When somebody starts with, "this may not be politically correct, but. . . " it seems they inevitably go on to say something I find absolutely reprehensible. "This may not be politically correct, but those people bring hatred on themselves." "This may not be politically correct, but that religion condones violence." Political correctness becomes a catch-all derisive for a showing of respect for whomever the speaker wishes to belittle at the moment.
Make no mistake. There have been times that I have been politically incorrect. During the war on drugs of the late 80s, political correctness had comics going on stage stoned and coked up and saying, "Don't do drugs, kids!" I, on the other hand, was going on stage and speaking of my desire to see marijuana legalized for medical, industrial and recreational purposes. It was politically incorrect at the time for me to take a counter-cultural view. I did not announce that it was politically incorrect. I simply stated my belief and then backed it up with jokes. There were times that I was asked not to do that particular material and there were times that I readily buckled to the censorship. I would like to claim that I was being sensitive to regional sensibilities, but in fact I never felt financially secure enough to cancel a paid gig. It may not be politically correct to say so, but altering one's artistic vision for a paycheck is not responsible adult behavior, it's merely selling out. I have done that, and I find it reprehensible.
You see, there are times when it is appropriate to say that which is not politically correct, but we can only break rules when we fully understand them. The danger in political correctness emerges when topics become so taboo that our self-censorship flies under our own radar. When "support our troops" becomes code for, "speak no ill of the military," and so we stop questioning the system that funnels young men and women into the line of fire in far off lands, political correctness silences needed voices. When viable and revolutionary economic ideas like Socialism and Communism become conflated not only with one another but with clearly despicable political structures like totalitarianism and oligarchy, political correctness creates a default assumption that unregulated capitalism is a good and necessary companion to representative democracy.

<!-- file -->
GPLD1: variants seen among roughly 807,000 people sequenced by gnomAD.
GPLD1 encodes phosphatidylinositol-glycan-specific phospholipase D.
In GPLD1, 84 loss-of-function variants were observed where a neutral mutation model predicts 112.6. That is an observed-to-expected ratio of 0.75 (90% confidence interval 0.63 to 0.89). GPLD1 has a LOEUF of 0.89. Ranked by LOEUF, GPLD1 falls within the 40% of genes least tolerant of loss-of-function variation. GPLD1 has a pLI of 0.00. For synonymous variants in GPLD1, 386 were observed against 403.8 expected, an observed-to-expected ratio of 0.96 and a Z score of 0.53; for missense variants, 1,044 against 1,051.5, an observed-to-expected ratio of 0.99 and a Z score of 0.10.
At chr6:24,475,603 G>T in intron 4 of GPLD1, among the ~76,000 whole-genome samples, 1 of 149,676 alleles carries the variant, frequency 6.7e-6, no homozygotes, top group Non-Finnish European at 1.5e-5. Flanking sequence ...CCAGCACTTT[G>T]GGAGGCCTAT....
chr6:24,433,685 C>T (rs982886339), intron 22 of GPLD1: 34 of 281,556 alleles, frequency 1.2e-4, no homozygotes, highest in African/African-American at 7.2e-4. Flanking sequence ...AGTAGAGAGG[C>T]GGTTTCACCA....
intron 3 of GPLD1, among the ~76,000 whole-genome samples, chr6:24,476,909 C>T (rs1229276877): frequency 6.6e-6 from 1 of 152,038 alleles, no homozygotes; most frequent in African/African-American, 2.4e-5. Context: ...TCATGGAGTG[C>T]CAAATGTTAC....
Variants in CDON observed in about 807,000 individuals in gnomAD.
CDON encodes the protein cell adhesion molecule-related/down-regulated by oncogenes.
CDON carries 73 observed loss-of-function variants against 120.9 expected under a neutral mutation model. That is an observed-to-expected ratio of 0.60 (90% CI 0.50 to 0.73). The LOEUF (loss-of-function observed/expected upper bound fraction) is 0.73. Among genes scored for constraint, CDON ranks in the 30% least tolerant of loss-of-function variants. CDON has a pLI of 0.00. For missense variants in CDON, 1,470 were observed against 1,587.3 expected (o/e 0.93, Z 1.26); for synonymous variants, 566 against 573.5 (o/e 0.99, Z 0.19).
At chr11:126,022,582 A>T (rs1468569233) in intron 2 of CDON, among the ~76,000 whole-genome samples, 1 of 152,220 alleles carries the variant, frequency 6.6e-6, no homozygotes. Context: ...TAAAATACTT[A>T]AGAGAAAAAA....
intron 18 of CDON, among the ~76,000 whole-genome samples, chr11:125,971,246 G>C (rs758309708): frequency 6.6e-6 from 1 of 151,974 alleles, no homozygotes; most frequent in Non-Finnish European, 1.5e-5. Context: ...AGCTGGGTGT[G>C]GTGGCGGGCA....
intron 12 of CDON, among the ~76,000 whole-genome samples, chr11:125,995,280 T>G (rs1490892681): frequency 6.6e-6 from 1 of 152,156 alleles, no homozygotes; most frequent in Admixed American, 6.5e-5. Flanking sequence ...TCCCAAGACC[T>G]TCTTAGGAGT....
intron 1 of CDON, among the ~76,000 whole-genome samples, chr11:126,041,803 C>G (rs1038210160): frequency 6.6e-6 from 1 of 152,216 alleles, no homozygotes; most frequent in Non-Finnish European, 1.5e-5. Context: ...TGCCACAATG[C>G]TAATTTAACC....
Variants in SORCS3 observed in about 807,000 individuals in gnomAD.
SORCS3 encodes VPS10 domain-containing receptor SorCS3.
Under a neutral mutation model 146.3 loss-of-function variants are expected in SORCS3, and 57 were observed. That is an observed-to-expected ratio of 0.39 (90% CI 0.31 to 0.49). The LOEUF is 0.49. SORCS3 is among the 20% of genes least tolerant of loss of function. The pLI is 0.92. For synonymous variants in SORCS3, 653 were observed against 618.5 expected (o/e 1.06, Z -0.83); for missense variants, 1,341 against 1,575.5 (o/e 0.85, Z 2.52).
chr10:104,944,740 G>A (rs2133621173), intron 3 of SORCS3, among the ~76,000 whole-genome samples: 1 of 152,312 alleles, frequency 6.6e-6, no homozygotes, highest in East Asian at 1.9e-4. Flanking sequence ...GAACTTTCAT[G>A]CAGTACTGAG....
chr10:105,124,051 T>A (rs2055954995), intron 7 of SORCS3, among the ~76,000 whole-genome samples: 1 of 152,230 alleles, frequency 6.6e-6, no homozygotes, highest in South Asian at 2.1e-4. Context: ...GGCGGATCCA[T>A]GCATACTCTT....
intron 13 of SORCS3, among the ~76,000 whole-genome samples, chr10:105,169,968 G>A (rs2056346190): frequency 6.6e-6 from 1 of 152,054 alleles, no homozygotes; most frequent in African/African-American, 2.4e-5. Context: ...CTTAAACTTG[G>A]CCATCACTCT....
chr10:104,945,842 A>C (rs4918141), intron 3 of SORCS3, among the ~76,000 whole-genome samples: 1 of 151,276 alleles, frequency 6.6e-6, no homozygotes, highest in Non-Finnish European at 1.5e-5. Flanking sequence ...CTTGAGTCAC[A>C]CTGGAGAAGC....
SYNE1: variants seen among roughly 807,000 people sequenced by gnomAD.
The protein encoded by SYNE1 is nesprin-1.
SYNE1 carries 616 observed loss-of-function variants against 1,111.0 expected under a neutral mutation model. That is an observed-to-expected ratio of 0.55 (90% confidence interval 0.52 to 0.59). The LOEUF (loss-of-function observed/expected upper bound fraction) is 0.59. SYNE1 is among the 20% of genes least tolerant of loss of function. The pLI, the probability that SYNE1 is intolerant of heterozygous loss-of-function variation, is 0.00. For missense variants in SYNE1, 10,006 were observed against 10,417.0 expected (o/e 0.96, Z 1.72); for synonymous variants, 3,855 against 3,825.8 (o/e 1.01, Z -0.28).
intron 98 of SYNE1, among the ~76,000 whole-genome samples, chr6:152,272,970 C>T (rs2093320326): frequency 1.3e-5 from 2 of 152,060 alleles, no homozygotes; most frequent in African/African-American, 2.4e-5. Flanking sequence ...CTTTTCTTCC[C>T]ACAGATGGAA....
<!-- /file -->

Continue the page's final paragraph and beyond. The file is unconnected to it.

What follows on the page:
I believe all ideas should be on the table for discussion and that political correctness should not still the flow of intellectual debate. In the past 30 years or so, the very phrase "political correctness" has been hijacked, coopted by the forces of anti-intellectualism. Political correctness is decried by the bigots of the world who wish to justify their throwback notions of racial superiority, pious exclusion, homophobia and misogyny. A breach of political correctness becomes a sort of shibboleth, identifying one as cutting edge and rebellious regardless of how traditionalist and regressive the actual opinions expressed may be. The opening gambit, "I realize this may not be politically correct," becomes a preemptive shield, suggesting that disagreement is an admission of indoctrination.